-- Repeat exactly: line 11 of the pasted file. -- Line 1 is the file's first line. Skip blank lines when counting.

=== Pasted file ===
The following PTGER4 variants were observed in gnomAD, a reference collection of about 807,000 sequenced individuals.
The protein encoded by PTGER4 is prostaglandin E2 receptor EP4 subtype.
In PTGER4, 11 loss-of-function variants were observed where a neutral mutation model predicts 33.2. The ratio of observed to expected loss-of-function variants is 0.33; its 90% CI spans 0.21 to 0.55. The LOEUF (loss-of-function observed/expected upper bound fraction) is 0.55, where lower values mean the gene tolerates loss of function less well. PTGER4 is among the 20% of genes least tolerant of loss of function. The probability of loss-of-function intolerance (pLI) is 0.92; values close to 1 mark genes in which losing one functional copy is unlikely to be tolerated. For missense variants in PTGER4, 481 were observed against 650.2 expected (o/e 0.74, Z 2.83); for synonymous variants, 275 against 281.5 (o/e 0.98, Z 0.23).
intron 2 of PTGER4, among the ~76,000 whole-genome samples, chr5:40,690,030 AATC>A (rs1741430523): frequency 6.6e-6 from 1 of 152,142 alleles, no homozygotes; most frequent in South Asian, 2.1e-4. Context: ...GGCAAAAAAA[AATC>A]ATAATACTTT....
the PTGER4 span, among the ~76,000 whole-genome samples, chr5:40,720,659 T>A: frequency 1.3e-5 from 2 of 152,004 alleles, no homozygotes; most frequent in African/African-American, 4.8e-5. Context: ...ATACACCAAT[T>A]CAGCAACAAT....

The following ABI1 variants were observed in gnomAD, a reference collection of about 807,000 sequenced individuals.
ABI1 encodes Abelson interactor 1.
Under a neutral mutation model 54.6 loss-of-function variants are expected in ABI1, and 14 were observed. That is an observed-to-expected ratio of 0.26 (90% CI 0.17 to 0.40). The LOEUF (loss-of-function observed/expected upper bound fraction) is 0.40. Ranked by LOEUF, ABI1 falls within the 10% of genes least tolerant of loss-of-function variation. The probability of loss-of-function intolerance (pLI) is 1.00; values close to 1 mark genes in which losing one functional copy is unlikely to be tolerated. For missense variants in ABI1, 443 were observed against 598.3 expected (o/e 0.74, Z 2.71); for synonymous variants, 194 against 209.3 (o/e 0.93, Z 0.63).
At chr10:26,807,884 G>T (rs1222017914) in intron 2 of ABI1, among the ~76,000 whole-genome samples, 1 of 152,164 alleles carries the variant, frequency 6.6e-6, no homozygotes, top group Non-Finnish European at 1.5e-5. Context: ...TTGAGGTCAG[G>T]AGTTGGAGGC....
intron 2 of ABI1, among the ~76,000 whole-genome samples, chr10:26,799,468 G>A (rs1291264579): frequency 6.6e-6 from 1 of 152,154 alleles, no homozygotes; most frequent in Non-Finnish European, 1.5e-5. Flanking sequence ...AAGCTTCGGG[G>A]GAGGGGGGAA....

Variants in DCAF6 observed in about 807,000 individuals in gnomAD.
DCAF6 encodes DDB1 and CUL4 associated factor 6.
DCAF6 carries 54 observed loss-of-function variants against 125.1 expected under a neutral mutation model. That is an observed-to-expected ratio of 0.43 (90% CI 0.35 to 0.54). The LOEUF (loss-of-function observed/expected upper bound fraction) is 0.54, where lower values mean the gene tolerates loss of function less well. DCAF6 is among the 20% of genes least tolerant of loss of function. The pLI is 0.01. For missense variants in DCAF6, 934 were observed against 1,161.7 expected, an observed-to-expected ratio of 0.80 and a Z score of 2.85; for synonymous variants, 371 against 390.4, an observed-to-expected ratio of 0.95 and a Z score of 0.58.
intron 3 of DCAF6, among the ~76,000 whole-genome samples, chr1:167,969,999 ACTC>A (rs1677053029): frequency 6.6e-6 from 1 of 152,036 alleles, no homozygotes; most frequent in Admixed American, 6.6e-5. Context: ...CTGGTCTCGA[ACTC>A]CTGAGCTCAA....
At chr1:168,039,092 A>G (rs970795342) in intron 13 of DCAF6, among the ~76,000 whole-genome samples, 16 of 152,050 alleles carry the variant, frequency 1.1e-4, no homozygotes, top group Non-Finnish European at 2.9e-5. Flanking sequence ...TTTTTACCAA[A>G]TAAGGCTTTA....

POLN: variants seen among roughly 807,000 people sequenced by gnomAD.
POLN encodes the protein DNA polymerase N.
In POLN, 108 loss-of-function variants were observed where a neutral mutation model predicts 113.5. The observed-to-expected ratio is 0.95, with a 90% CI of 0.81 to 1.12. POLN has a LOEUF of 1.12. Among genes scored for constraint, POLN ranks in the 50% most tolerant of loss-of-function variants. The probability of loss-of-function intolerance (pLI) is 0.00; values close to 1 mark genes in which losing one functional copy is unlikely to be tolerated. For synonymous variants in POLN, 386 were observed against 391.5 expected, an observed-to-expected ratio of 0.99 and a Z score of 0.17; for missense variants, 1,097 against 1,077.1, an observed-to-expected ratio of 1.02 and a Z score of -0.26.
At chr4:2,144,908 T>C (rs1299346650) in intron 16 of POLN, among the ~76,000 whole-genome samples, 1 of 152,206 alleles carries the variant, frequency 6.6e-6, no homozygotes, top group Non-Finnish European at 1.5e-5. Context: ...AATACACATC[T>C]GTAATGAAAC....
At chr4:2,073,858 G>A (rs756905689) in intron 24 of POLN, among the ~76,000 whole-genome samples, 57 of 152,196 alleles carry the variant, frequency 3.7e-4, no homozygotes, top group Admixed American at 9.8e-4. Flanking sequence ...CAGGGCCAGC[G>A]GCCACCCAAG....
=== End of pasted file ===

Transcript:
Variants in DCAF6 observed in about 807,000 individuals in gnomAD.